3D localization or 3D position tracking can be defined as the measurement of a 3D position and orientation of one or more objects or subjects that move in a defined space, relative to a known location. When measuring the 3D position and orientation of an object, six degrees of freedom (6DOF) are measured: 3 positional and 3 angular coordinates. Alternatively, only an object’s position may be measured, which is referred to as 3DOF localization.
Optical tracking is a 3D localization technology based on monitoring a defined measurement space using two or more cameras. Each camera is equipped with an infrared (IR) pass filter in front of the lens, and a ring of IR LEDs around the lens to periodically illuminate the measurement space with IR light. This light is not visible to the human eye and its intensity is completely safe for human beings to work with.
Objects that need to be tracked are equipped with retro-reflective markers, which reflect the incoming IR light back to the cameras. The IR reflections are detected by the cameras and then internally processed by the optical tracking system. This system calculates the 2D marker position in image coordinates with high precision. Using multiple cameras, the 3D position of each marker can be derived.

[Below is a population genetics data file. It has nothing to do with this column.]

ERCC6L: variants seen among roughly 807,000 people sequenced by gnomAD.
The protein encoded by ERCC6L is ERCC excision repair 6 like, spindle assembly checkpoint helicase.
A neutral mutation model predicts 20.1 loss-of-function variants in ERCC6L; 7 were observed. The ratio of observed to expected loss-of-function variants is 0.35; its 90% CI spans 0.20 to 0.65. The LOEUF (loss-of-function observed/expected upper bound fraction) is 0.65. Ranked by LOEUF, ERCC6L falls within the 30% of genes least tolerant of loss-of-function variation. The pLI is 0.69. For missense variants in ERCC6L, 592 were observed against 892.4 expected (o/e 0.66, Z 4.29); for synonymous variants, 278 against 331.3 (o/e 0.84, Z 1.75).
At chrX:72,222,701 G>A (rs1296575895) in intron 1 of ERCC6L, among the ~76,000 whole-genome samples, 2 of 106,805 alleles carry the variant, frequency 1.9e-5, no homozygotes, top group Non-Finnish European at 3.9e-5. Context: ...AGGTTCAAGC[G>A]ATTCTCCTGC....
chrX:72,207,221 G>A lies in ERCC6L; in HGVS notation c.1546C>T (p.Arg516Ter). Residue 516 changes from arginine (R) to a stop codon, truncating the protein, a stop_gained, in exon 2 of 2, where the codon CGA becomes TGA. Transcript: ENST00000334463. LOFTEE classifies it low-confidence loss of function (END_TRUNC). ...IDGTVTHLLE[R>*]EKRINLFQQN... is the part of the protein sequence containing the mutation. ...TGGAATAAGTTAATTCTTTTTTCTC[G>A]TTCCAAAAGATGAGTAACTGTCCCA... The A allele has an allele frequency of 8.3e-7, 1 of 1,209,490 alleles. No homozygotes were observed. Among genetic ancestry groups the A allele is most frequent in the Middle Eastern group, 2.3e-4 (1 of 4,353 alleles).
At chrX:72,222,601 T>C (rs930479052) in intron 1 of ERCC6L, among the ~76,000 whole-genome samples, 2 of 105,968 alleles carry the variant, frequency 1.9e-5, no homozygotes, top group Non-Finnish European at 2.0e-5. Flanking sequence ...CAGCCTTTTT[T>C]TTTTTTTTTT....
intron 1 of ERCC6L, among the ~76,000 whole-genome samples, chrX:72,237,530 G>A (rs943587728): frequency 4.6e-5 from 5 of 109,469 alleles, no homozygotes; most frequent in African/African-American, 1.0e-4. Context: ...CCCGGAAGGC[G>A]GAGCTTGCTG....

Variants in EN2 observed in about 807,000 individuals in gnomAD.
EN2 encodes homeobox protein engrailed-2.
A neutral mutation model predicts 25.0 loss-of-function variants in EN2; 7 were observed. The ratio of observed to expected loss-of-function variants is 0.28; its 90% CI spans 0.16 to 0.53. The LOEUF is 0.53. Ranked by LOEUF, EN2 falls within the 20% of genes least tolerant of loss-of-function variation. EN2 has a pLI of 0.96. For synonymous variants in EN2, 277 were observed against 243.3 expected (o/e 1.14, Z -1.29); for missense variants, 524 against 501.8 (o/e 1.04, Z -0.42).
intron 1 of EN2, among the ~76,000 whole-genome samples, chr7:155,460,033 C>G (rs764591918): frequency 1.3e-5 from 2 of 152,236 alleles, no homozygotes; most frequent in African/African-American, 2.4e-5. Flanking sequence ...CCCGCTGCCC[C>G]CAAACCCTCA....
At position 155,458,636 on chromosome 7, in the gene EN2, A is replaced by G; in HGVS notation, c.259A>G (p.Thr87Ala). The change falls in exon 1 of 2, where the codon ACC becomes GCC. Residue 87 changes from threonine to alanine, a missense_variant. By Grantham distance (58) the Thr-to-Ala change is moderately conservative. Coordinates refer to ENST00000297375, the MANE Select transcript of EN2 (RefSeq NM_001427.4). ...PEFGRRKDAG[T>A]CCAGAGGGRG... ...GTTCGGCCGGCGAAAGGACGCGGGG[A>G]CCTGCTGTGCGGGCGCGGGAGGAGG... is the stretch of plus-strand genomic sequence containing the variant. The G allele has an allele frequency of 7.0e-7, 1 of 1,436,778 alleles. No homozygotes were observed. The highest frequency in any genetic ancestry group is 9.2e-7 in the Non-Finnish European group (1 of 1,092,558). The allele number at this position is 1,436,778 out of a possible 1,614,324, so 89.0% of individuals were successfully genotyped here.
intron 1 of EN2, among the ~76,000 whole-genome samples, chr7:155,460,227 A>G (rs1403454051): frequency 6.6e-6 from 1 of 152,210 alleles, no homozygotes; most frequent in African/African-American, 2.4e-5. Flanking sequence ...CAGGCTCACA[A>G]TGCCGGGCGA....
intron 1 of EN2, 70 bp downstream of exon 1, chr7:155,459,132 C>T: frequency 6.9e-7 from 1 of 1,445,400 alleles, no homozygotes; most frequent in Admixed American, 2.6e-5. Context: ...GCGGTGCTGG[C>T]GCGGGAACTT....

The 3D position can be measured by using a single marker in the measurement space. To be able to also measure the orientation of an object or to track multiple objects simultaneously, multiple markers are placed on each object. Such a configuration is easily created by simply sticking markers randomly onto the object, making sure multiple markers can be seen from each angle. By using a model of this configuration of each object, the optical tracking system is able to distinguish between objects and determine the 3D position and orientation of each object.
Optical tracking and its advantages
Optical tracking has proved to be a valuable alternative to tracking systems based on other technologies, such as magnetic, acoustic, gyroscopic and mechanical. There are various advantages to optical tracking, such as:
Optical tracking is less susceptible to noise from the environment
Optical tracking does not suffer from drift problems
Optical tracking allows for many objects to be tracked simultaneously
Interaction devices can be lightweight and wireless